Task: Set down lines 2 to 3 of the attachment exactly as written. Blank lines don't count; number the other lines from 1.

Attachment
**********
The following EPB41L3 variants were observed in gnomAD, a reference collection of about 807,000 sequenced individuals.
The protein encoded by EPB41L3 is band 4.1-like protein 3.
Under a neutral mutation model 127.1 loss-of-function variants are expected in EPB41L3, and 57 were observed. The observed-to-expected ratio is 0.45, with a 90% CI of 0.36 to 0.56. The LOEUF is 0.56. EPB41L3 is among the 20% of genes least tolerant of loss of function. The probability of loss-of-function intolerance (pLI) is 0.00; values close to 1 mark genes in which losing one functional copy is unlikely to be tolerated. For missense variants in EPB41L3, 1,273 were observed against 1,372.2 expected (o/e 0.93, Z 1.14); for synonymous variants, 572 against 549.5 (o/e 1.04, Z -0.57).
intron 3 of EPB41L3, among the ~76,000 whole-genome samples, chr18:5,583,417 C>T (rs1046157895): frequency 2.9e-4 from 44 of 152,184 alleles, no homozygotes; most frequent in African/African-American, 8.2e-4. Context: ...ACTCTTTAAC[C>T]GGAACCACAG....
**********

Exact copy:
The protein encoded by EPB41L3 is band 4.1-like protein 3.
Under a neutral mutation model 127.1 loss-of-function variants are expected in EPB41L3, and 57 were observed. The observed-to-expected ratio is 0.45, with a 90% CI of 0.36 to 0.56. The LOEUF is 0.56. EPB41L3 is among the 20% of genes least tolerant of loss of function. The probability of loss-of-function intolerance (pLI) is 0.00; values close to 1 mark genes in which losing one functional copy is unlikely to be tolerated. For missense variants in EPB41L3, 1,273 were observed against 1,372.2 expected (o/e 0.93, Z 1.14); for synonymous variants, 572 against 549.5 (o/e 1.04, Z -0.57).